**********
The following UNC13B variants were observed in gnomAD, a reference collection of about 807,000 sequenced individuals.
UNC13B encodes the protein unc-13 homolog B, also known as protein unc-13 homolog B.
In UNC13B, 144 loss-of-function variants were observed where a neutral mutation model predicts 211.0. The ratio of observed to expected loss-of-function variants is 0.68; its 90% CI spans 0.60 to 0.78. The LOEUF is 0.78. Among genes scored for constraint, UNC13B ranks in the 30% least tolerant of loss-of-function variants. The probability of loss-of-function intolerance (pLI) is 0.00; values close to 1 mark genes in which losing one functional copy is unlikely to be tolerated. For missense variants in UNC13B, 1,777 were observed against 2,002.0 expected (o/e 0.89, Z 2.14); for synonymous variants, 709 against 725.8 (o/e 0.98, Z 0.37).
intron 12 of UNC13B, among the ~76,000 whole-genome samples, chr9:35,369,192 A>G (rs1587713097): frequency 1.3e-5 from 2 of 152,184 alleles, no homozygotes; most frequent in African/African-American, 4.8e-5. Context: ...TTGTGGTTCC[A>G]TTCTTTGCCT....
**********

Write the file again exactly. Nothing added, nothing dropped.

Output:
The following UNC13B variants were observed in gnomAD, a reference collection of about 807,000 sequenced individuals.
UNC13B encodes the protein unc-13 homolog B, also known as protein unc-13 homolog B.
In UNC13B, 144 loss-of-function variants were observed where a neutral mutation model predicts 211.0. The ratio of observed to expected loss-of-function variants is 0.68; its 90% CI spans 0.60 to 0.78. The LOEUF is 0.78. Among genes scored for constraint, UNC13B ranks in the 30% least tolerant of loss-of-function variants. The probability of loss-of-function intolerance (pLI) is 0.00; values close to 1 mark genes in which losing one functional copy is unlikely to be tolerated. For missense variants in UNC13B, 1,777 were observed against 2,002.0 expected (o/e 0.89, Z 2.14); for synonymous variants, 709 against 725.8 (o/e 0.98, Z 0.37).
intron 12 of UNC13B, among the ~76,000 whole-genome samples, chr9:35,369,192 A>G (rs1587713097): frequency 1.3e-5 from 2 of 152,184 alleles, no homozygotes; most frequent in African/African-American, 4.8e-5. Context: ...TTGTGGTTCC[A>G]TTCTTTGCCT....